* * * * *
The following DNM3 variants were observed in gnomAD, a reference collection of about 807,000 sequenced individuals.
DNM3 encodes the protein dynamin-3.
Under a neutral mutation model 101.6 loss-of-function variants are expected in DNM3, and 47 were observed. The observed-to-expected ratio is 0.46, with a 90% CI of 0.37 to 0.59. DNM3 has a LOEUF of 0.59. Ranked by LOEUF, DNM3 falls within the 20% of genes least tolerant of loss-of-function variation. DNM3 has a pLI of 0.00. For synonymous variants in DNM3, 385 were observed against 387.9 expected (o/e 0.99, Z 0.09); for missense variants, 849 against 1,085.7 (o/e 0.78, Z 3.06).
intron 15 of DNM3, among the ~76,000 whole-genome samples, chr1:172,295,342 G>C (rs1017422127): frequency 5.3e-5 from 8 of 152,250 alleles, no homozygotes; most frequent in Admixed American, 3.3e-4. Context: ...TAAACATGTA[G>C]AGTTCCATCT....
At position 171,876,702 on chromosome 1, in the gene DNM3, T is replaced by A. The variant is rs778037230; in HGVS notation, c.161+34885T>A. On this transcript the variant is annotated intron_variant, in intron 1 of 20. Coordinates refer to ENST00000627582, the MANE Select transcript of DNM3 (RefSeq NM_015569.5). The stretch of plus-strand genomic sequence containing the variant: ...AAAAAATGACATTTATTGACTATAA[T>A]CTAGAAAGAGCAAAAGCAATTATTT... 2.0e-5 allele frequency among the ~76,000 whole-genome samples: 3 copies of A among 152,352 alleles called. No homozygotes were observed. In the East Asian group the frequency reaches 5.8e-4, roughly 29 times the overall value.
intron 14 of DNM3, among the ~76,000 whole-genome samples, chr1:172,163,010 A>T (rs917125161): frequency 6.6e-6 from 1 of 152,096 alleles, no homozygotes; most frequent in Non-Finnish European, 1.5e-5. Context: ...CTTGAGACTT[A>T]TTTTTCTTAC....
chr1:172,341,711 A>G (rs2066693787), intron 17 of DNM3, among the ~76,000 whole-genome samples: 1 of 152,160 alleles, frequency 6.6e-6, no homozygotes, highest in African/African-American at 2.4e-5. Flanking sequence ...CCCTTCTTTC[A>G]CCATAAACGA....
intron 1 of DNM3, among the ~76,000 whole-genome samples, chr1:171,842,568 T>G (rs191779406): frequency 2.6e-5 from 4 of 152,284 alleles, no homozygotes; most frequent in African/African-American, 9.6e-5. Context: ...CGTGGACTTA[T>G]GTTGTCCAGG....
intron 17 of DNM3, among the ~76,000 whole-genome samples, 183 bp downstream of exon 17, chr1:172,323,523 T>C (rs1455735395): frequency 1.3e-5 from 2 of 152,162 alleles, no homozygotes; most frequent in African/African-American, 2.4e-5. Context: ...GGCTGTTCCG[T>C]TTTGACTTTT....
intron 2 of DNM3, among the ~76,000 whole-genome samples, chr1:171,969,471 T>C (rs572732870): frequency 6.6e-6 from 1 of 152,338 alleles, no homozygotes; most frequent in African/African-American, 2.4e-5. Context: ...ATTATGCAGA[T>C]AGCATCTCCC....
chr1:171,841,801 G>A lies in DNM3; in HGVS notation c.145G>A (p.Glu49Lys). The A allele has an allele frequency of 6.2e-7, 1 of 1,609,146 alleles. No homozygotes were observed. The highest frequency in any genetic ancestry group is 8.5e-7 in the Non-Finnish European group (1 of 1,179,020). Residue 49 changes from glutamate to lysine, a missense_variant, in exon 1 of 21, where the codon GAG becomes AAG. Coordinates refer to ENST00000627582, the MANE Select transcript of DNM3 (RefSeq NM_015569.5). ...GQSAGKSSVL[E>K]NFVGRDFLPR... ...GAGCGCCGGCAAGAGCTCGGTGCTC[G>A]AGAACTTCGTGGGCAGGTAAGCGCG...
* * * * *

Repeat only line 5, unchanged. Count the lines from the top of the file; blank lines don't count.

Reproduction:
At position 171,876,702 on chromosome 1, in the gene DNM3, T is replaced by A. The variant is rs778037230; in HGVS notation, c.161+34885T>A. On this transcript the variant is annotated intron_variant, in intron 1 of 20. Coordinates refer to ENST00000627582, the MANE Select transcript of DNM3 (RefSeq NM_015569.5). The stretch of plus-strand genomic sequence containing the variant: ...AAAAAATGACATTTATTGACTATAA[T>A]CTAGAAAGAGCAAAAGCAATTATTT... 2.0e-5 allele frequency among the ~76,000 whole-genome samples: 3 copies of A among 152,352 alleles called. No homozygotes were observed. In the East Asian group the frequency reaches 5.8e-4, roughly 29 times the overall value.